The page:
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Younger Women Often
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A new study reveals younger women may ignore early signs of a heart attack.
The finding could help explain why younger women have higher rates of death from heart attacks than men in their age group. “Young women with multiple risk factors and a strong family history of cardiac disease should not assume they are too young to have a heart attack.” Participants in our study said they were concerned about initiating a false alarm in case their symptoms were due to something other than a heart attack.
Yale researchers interviewed women aged 30 to 55 who survived a heart attack. The study authors found that many women didn’t pay attention to early warning signs such as pain and dizziness. The interviews revealed that wide variations in the type of initial heart attack symptoms, and factors such as work and family, sometimes influenced the women’s decisions to seek emergency medical care.
Not all of the women received an immediate or complete assessment of their symptoms or a formal diagnosis of heart attack, according to the study published February 24th, 2015 in the Circulation: Cardiovascular Quality and Outcomes. And some women said they did not take steps to prevent heart disease.
Identifying strategies to help women recognize symptoms and encourage them to seek prompt care without stigma or perceived judgment may be critical for young women at increased risk for heart disease the study suggested.
The findings show the need to better educate women about early symptoms of heart attack, and to change the way that women and medical teams respond to such symptoms. More than 15,000 women younger than 55 die from heart disease in the United States each year, making it a leading cause of death in that age group, the researchers noted.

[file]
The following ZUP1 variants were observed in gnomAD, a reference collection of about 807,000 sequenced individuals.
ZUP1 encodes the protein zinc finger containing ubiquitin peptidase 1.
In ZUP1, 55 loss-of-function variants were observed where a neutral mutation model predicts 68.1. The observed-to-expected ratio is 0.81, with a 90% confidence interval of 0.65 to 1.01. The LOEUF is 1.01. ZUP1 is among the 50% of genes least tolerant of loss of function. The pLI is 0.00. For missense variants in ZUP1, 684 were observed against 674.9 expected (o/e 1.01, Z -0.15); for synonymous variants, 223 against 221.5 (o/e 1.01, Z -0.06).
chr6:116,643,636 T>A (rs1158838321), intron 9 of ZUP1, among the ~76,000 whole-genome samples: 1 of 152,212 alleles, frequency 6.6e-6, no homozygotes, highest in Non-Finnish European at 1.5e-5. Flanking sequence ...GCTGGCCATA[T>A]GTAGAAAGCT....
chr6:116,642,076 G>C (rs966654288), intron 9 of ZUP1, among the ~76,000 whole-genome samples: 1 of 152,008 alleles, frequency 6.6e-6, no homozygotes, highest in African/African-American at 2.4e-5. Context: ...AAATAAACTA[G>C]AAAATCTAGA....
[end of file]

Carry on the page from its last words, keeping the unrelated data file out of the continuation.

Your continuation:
Six Symptoms of Women’s
Women don’t always get the same classic heart attack symptoms as men, such as crushing chest pain that radiates down one arm. Those heart attack symptoms can certainly happen to women, but many experience vague or even “silent” symptoms that they may miss.
These six heart attack symptoms are common in women.
1. Chest pain or discomfort. Chest pain is the most common heart attack symptom, but some women may experience it differently than men. It may feel like a squeezing or fullness, and the pain can be anywhere in the chest, not just the left side. It’s “truly uncomfortable” during a heart attack, it feels like a vise being tightened.
2. Pain in your arm(s), back, neck, or jaw. This type of pain is more common in women than in men. It may confuse women who expect their pain to be focused on their chest and left arm, not their back and jaw. The pain can be gradual or sudden, and it may wax and wane before becoming intense. If you’re asleep it may wake you up. You should report any “not typical or unexplained” symptoms in any part of your body above your waist to your doctor.
3. Stomach pain. Sometimes people mistake stomach pain that signals a heart attack with heartburn, the flu, or a stomach ulcer. Other times, women experience severe abdominal pressure that feels like an elephant sitting on your stomach.
4. Shortness of breath, nausea, or lightheadedness. If you’re having trouble breathing for no apparent reason, you could be having a heart attack, especially if you’re also having one or more other symptoms. It can feel like you have run a marathon, but you didn’t make a move.
5. Sweating. Breaking out in a nervous, cold sweat is common among women who are having a heart attack. It will feel more like stress-related sweating than perspiration from exercising or spending time outside in the heat. Get it checked out if you don’t typically sweat like that and there is no other reason for it, such as heat or hot flashes.
6. Fatigue. Some women who have heart attacks feel extremely tired, even if they’ve been sitting still for a while or haven’t moved much. Patients often complain of a “tiredness in the chest”, they say that they can’t do simple activities, like walk to the bathroom.
Not everyone gets all of those symptoms. If you have chest pain/discomfort, especially if you also have one or more of the other signs, call 911 immediately.
Article courtesy of WebMD.